LAKE BUENA VISTA, Fla., (July 21, 2011) – The hundreds of people who are building Disney’s Art of Animation Resort from the ground up gathered to mark the project’s “topping out.”
The “topping out” is a special moment that typically occurs in the construction and engineering industry when the highest piece of structure, either steel or concrete, is placed on the building’s frame. The tradition dates back to the Vikings, who would place an evergreen tree on the top of a building to celebrate and bring good luck.
At the construction site for Disney’s Art of Animation Resort, a crane helped lift the traditional evergreen to the roof of a building that will soon be part of the Lion King wing of the resort hotel.
“The hundreds of people we have working on Disney’s Art of Animation Resort are doing an amazing job helping us build a resort hotel that will really delight our guests,” said Gary Hoffmann, senior project manager for Walt Disney Imagineering. “The traditional topping out is an important milestone on a project that continues to run on schedule for an opening just ten months from now.”
In size and scope the construction of Disney’s Art of Animation Resort is a major project at Walt Disney World Resort, creating upwards of 800 construction jobs. Once open in 2012, Disney’s Art of Animation Resort will also create 750 permanent resort hotel jobs.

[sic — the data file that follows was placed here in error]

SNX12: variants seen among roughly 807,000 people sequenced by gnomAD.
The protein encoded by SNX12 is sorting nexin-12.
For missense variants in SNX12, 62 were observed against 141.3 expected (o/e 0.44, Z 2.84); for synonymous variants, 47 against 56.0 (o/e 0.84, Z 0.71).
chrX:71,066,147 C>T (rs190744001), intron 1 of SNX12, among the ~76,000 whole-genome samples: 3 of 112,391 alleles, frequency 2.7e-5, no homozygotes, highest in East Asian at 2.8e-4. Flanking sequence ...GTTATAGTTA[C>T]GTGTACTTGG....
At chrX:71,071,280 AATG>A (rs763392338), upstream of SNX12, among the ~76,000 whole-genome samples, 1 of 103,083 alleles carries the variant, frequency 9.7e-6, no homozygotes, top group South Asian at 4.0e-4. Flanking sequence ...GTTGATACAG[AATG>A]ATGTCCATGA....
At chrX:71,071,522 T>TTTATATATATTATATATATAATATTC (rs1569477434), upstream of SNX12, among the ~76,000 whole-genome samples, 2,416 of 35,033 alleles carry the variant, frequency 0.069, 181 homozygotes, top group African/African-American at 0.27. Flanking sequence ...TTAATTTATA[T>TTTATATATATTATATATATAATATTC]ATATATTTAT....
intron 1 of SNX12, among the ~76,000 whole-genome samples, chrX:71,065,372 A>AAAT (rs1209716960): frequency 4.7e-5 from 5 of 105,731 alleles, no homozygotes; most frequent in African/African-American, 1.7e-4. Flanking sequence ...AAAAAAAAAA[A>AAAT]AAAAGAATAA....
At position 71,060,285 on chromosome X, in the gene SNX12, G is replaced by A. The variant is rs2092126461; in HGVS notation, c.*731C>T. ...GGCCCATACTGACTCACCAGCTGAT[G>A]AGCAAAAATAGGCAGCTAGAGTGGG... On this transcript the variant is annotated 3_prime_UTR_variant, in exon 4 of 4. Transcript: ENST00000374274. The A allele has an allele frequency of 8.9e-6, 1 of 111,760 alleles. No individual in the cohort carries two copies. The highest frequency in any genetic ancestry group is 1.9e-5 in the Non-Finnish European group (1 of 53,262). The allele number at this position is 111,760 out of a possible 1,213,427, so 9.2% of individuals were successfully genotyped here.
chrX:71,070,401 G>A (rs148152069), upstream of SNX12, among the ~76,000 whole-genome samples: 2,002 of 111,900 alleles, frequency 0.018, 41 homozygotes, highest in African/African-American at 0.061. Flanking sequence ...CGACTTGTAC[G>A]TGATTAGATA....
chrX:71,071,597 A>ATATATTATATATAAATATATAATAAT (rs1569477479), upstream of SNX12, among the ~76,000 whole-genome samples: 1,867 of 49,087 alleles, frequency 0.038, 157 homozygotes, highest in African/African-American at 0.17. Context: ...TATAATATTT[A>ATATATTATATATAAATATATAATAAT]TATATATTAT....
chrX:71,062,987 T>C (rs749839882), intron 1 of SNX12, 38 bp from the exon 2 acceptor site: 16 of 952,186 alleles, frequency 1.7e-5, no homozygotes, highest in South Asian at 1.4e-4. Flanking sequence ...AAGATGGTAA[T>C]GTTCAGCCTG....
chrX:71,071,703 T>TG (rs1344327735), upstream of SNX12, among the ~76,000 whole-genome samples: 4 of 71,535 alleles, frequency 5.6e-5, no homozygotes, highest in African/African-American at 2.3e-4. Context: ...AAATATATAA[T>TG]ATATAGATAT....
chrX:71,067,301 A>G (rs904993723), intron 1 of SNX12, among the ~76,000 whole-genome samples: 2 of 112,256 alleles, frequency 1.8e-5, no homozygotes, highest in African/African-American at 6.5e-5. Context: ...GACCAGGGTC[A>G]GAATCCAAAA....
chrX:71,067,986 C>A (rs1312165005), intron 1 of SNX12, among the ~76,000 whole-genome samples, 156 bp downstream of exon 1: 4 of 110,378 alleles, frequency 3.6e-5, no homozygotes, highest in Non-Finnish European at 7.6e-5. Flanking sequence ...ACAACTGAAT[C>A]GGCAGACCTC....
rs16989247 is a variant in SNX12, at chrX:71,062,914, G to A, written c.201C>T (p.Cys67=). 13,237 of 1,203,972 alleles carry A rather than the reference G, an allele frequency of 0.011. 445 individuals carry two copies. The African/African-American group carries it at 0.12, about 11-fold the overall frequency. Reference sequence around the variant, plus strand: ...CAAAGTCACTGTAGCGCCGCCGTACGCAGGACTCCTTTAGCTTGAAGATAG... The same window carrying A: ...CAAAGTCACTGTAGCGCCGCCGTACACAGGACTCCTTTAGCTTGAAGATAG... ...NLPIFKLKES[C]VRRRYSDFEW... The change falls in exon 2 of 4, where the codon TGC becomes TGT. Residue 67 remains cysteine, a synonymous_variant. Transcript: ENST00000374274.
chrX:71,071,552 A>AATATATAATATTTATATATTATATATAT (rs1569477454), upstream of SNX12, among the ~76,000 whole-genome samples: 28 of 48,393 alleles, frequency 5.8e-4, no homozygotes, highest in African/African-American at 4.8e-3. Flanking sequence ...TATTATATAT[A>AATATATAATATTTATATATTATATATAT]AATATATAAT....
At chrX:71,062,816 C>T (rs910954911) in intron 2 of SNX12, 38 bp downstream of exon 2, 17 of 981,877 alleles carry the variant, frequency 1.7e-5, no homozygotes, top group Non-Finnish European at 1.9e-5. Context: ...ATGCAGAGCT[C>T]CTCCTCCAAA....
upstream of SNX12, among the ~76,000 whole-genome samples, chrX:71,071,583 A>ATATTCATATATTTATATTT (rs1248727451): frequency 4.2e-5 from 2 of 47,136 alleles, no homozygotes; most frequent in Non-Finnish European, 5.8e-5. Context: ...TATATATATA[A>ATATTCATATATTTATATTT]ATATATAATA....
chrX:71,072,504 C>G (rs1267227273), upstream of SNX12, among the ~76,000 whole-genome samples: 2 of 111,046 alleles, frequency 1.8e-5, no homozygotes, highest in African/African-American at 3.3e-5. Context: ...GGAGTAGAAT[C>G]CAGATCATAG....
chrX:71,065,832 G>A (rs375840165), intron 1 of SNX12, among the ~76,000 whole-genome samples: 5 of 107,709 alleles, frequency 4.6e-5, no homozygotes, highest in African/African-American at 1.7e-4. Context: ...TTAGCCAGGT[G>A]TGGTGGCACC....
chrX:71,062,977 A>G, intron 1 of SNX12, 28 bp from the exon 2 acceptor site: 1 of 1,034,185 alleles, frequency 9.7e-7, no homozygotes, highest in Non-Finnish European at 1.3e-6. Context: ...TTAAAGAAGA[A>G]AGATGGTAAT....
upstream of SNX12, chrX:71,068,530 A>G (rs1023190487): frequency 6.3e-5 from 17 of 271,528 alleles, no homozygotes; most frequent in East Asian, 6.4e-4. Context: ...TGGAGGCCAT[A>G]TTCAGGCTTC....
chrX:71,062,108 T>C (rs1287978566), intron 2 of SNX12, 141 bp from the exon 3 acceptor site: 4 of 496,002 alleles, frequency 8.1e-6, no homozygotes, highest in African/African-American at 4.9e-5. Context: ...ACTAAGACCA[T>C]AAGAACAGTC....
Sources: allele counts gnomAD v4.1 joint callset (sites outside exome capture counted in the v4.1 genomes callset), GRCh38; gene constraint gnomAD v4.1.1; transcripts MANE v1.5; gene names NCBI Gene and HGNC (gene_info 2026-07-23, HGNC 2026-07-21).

Walt Disney World Resort features 25 uniquely themed, Disney owned-and-operated resort hotels with more than 26,000 guest rooms – something for every taste and budget. Disney’s Art of Animation Resort will likewise be unique, with themed building exteriors and room interiors that bring to life The Lion King, Cars, Finding Nemo and The Little Mermaid.
Finding Nemo, Cars and The Lion King buildings will be entirely family suites, with 1,120 suites between them. The Little Mermaid buildings will feature 864 rooms in the “value” room category.
The construction of family suites at Disney’s Art of Animation Resort is an innovative approach to a changing marketplace. Today more and more multi-generational families are traveling together for various celebrations, including family reunions. These families not only want to play together, they want to stay together, which has created tremendous demand for family suites.
The first wing of Disney’s Art of Animation Resort, Finding Nemo, is scheduled to open in May 2012.